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Monday, December 23, 2002

Michigan Democrats and Republicans claim to agree that sprawl is bad. Let's hope they're serious about this: with the state, like every state, facing a budget crisis, I hope they use taxes to discourage sprawl. A big increase in the gas tax and hefty property tax surcharges on greenfield development could make existing communities relatively more attractive to developers and commuters.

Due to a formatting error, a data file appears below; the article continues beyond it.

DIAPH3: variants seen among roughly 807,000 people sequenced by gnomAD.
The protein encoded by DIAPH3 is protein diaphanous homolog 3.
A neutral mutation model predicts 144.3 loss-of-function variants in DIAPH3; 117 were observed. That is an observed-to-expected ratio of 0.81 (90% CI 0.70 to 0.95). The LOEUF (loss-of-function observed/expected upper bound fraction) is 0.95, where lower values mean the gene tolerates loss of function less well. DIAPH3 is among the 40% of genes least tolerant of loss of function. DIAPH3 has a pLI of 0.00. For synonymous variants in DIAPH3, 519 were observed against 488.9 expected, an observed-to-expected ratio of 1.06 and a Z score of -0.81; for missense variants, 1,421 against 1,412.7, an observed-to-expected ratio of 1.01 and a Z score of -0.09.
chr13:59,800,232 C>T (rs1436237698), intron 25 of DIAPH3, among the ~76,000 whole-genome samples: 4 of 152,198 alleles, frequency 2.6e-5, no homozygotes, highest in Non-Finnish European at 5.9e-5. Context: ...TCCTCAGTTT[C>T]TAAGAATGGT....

At the root of the problem, as I see it, is that communities on just about every scale are in competition with each other, to just about everyone's detriment. Indonesia and Bangladesh takes jobs from Mexico which went there from the US fifteen years ago. Alabama gives Hyundai $126 million in corporate welfare so they'll locate a plant there instead of in Kentucky (Michigan? Forget about it!). People looking for a house are lured to new subdivisions in Livingston County because of low land costs, lower taxes, low gas prices, and no tolls on the highways, to the detriment of Ann Arbor and metro Detroit, despite their existing housing and infrastructure. Competition has its place, but the government must not only provide a level playing field (which it rarely does); it must prohibit competition which is generally bad for the public welfare. Sprawl is one such form of competition. While the farmer may get more for his land than he would otherwise, and the developer makes a lot of money, and many of the people who buy houses there will at least claim to be happy, the overall impact of sprawl on society is negative, so it should be stopped.